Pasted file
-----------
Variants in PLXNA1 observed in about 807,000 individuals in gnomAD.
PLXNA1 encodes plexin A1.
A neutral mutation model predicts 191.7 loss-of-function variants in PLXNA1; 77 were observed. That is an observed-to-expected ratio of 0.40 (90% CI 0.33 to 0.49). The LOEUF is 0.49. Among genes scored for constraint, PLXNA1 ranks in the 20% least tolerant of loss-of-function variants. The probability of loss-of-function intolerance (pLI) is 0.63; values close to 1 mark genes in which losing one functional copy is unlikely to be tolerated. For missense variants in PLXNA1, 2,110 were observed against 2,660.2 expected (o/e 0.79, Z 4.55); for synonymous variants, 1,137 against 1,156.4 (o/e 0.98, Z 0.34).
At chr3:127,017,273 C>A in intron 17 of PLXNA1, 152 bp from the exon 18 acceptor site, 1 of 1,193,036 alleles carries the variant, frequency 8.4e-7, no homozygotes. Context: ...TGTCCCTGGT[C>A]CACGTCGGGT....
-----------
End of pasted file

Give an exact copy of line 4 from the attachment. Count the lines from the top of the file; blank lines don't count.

At chr3:127,017,273 C>A in intron 17 of PLXNA1, 152 bp from the exon 18 acceptor site, 1 of 1,193,036 alleles carries the variant, frequency 8.4e-7, no homozygotes. Context: ...TGTCCCTGGT[C>A]CACGTCGGGT....